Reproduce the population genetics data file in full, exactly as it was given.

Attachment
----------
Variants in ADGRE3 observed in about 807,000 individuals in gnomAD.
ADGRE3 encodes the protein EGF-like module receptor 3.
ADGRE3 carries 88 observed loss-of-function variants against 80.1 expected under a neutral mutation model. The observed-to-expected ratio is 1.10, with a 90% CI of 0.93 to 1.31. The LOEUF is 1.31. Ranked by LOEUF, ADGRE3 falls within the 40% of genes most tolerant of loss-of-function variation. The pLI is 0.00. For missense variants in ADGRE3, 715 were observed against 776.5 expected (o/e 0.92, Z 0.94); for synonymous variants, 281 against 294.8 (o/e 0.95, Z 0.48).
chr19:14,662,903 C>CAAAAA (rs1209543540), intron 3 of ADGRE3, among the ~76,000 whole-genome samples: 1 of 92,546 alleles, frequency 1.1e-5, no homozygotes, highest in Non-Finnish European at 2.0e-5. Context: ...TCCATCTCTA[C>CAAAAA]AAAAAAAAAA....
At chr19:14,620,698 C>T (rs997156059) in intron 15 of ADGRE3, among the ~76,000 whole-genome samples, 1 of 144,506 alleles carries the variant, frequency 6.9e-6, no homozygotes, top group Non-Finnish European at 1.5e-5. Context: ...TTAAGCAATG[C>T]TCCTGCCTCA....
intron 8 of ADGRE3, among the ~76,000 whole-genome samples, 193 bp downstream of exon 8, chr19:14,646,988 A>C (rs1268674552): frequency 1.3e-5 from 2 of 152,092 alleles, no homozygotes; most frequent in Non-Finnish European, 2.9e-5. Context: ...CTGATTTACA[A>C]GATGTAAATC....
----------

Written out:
Variants in ADGRE3 observed in about 807,000 individuals in gnomAD.
ADGRE3 encodes the protein EGF-like module receptor 3.
ADGRE3 carries 88 observed loss-of-function variants against 80.1 expected under a neutral mutation model. The observed-to-expected ratio is 1.10, with a 90% CI of 0.93 to 1.31. The LOEUF is 1.31. Ranked by LOEUF, ADGRE3 falls within the 40% of genes most tolerant of loss-of-function variation. The pLI is 0.00. For missense variants in ADGRE3, 715 were observed against 776.5 expected (o/e 0.92, Z 0.94); for synonymous variants, 281 against 294.8 (o/e 0.95, Z 0.48).
chr19:14,662,903 C>CAAAAA (rs1209543540), intron 3 of ADGRE3, among the ~76,000 whole-genome samples: 1 of 92,546 alleles, frequency 1.1e-5, no homozygotes, highest in Non-Finnish European at 2.0e-5. Context: ...TCCATCTCTA[C>CAAAAA]AAAAAAAAAA....
At chr19:14,620,698 C>T (rs997156059) in intron 15 of ADGRE3, among the ~76,000 whole-genome samples, 1 of 144,506 alleles carries the variant, frequency 6.9e-6, no homozygotes, top group Non-Finnish European at 1.5e-5. Context: ...TTAAGCAATG[C>T]TCCTGCCTCA....
intron 8 of ADGRE3, among the ~76,000 whole-genome samples, 193 bp downstream of exon 8, chr19:14,646,988 A>C (rs1268674552): frequency 1.3e-5 from 2 of 152,092 alleles, no homozygotes; most frequent in Non-Finnish European, 2.9e-5. Context: ...CTGATTTACA[A>C]GATGTAAATC....